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NSCA Wrap-up: Audio at NSCA

Manufacturers take the opportunity to debut latest audio gear for installers.

NSCA Wrap-up: Audio at NSCA

Apr 1, 2007 12:00 PM,
By Trevor Boyer

Manufacturers take the opportunity to debut latest audio gear for installers.

Beyerdynamic Revoluto

The NSCA Expo has gone through some changes over the past few years, but one thing is constant: The show is one of the premier venues for manufacturers to debut audio gear for systems contractors. Following is a sampling of many of the noteworthy products that were on display in Orlando, Fla., this year for NSCA attendees.

TOA Electronics added two models to its DA Series multichannel digital amps. The DA-500F-HL and DA-550F consume about a third less power than conventional analog amps while operating at about 85 percent efficiency, according to TOA, and they take up only 2RU. They’re lightweight, so installers can stack up to five of them with nothing in between. The DA-500F-HL is designed for high- and low-impedance speaker loads, supplying four channels of 500W at 70V or 550W at 8V. Designed for low-impedance loads, the DA-550F supplies four channels of 550W at 4V or two channels of 1100W at 8V in bridged mode. They’re equipped with an independent power supply for each channel.


Community Professional Loudspeakers announced the VERIS series of small to medium-sized installation loudspeakers. The line features compact subwoofers and sophisticated frequency shading for smooth response in the crossover region. The VERIS line starts with a single 6in. horn; there’s also a dual 6in., a single and a dual 8in., and also larger 12in. and 15in. models. Community also updated its Wet Series outdoor loudspeakers, originally introduced a decade ago. Wet Series II features redesigned crossover networks and restyled, stronger curvilinear glass-fiber enclosures that allow a tighter fit.

Meyer Sound once again displayed its M’elodie self-powered line-array speakers, debuted at last year’s show to great acclaim. In addition, it debuted its new Constellation electroacoustic architecture system, which incorporates Constellation processors, measurement, and tuning; Meyer Sound mics and self-powered speakers; and Meyer certification.

Atlas Sound debuted pendant-mount speakers for open-ceiling environments. The PM4FA uses Atlas’ FA134 4in. Strategy series driver, also used in the FAP42T ceiling speaker. There are also three new 8in. driver offerings designed for higher ceilings. All models include a suspension cable system and a concealment top cover. Atlas also released a new DSP-controlled sound-masking generator, the ASP-MG24. An intuitive GUI allows installers to configure complicated four-zone masking systems with two external music or page sources.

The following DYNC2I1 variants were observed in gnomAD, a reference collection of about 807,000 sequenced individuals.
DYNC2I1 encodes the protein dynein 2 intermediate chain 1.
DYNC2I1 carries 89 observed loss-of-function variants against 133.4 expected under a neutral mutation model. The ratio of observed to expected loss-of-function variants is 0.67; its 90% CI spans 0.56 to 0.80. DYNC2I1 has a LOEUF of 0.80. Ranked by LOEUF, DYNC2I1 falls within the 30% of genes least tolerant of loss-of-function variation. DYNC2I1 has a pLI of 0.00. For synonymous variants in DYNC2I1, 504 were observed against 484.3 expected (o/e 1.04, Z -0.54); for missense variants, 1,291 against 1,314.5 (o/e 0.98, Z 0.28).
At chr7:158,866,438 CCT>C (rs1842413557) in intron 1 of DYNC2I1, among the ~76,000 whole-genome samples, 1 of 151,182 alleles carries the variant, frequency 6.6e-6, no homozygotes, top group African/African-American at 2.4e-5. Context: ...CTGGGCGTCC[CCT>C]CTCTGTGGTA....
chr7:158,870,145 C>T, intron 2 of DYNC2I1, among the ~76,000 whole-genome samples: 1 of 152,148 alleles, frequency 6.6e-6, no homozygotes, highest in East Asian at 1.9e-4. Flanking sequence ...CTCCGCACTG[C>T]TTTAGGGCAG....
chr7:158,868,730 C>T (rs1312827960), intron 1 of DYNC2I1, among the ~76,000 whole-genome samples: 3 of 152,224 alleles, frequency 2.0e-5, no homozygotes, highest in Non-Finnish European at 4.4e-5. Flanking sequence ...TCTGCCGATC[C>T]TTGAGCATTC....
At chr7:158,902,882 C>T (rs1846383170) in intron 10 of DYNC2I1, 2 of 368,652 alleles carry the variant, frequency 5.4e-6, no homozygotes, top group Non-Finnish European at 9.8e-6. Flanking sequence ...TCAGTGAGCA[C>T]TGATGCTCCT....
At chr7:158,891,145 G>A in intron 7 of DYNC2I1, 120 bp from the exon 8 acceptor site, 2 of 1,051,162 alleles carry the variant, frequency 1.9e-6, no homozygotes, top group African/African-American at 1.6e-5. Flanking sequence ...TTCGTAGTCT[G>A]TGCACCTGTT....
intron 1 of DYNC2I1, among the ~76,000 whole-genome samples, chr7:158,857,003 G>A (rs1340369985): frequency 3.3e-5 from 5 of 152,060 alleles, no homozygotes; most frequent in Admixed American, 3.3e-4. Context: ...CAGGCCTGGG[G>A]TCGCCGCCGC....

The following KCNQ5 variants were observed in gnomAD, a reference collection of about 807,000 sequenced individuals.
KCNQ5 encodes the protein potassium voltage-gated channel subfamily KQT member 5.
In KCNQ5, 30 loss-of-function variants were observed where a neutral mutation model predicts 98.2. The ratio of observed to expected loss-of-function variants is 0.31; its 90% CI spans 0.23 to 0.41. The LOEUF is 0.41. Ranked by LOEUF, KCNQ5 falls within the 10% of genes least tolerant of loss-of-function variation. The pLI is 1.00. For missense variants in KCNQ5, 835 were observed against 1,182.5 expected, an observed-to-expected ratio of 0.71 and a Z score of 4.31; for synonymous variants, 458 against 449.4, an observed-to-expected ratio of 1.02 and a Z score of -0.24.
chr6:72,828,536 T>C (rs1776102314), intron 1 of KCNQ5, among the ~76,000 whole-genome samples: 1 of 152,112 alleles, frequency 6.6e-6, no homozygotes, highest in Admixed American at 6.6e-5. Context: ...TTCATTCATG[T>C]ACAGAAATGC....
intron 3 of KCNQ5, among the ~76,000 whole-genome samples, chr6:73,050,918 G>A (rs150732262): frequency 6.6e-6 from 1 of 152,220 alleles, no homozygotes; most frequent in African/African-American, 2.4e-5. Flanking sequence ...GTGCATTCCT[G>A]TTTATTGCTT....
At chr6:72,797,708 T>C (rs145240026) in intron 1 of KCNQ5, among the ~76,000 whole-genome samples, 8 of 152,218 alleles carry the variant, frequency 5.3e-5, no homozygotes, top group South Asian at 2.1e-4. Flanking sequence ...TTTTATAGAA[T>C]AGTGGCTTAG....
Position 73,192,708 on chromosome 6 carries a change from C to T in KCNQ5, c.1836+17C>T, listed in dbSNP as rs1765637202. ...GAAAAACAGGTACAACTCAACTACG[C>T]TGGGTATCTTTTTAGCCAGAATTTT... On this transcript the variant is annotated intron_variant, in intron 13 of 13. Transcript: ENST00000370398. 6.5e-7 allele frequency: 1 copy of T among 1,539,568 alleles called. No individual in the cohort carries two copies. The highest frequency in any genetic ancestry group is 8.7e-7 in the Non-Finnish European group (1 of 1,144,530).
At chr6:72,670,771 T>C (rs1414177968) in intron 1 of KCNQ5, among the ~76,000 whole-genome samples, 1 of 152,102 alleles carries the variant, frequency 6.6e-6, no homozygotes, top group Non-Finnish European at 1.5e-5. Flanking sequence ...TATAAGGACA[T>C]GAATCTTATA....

L-Acoustics launched the compact Kiva line source array system. Kiva operates from 80Hz to 20kHz, and the complementary Kilo low-frequency extension covers 50Hz to 100Hz. The LA4 is the amplified controller. According to the company, the wavefront of a Kiva line source can be curved from 0 to 15 degrees for each element without breaking the inter-element acoustic coupling.

JBL added two compact models to its VP (venue performance) series of powered loudspeakers, which was introduced early last year. Designed to complement Vertec line arrays as a spot fill, the VP7210/95DP (two-way 10in.) has peak output power of 1750W and includes onboard DSP. The 7212MDP (two-way 12in.) is designed to serve as an on-stage monitor. The VP series integrates Crown’s Class D digital power amplification circuitry. JBL Professional also introduced the Control 200 series medium-format in-ceiling loudspeakers, featuring 6.5in. coaxial drivers.

Telex, now owned by global conglomerate Bosch’s new Bosch Communications Systems division, announced a wide range of new audio products under the Electro-Voice and Dynacord brands. Dynacord’s new VariLine range of loudspeakers can be used as a portable PA for smaller venues such as clubs or as an element in a larger installation. The midrange and high-frequency horns can be rotated through 90 degrees. All models can be switched over to active two-way operation.